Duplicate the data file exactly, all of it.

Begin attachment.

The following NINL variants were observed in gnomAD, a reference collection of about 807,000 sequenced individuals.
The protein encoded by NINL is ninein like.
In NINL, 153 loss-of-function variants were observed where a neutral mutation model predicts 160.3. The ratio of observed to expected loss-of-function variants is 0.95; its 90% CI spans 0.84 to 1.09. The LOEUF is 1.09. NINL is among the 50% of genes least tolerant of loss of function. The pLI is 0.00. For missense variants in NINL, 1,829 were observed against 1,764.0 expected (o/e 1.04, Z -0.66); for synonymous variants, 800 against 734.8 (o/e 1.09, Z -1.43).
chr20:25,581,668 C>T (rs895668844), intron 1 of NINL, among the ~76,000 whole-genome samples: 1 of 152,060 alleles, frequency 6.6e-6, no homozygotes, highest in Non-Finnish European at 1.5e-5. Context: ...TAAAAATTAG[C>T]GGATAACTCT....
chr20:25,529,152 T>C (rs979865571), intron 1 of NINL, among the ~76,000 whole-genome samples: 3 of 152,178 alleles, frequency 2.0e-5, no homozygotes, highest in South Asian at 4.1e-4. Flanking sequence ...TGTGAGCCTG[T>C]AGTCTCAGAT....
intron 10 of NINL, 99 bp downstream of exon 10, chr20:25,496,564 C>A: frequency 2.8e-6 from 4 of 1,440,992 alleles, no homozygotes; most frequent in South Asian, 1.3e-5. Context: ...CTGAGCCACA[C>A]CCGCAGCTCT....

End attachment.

The following NINL variants were observed in gnomAD, a reference collection of about 807,000 sequenced individuals.
The protein encoded by NINL is ninein like.
In NINL, 153 loss-of-function variants were observed where a neutral mutation model predicts 160.3. The ratio of observed to expected loss-of-function variants is 0.95; its 90% CI spans 0.84 to 1.09. The LOEUF is 1.09. NINL is among the 50% of genes least tolerant of loss of function. The pLI is 0.00. For missense variants in NINL, 1,829 were observed against 1,764.0 expected (o/e 1.04, Z -0.66); for synonymous variants, 800 against 734.8 (o/e 1.09, Z -1.43).
chr20:25,581,668 C>T (rs895668844), intron 1 of NINL, among the ~76,000 whole-genome samples: 1 of 152,060 alleles, frequency 6.6e-6, no homozygotes, highest in Non-Finnish European at 1.5e-5. Context: ...TAAAAATTAG[C>T]GGATAACTCT....
chr20:25,529,152 T>C (rs979865571), intron 1 of NINL, among the ~76,000 whole-genome samples: 3 of 152,178 alleles, frequency 2.0e-5, no homozygotes, highest in South Asian at 4.1e-4. Flanking sequence ...TGTGAGCCTG[T>C]AGTCTCAGAT....
intron 10 of NINL, 99 bp downstream of exon 10, chr20:25,496,564 C>A: frequency 2.8e-6 from 4 of 1,440,992 alleles, no homozygotes; most frequent in South Asian, 1.3e-5. Context: ...CTGAGCCACA[C>A]CCGCAGCTCT....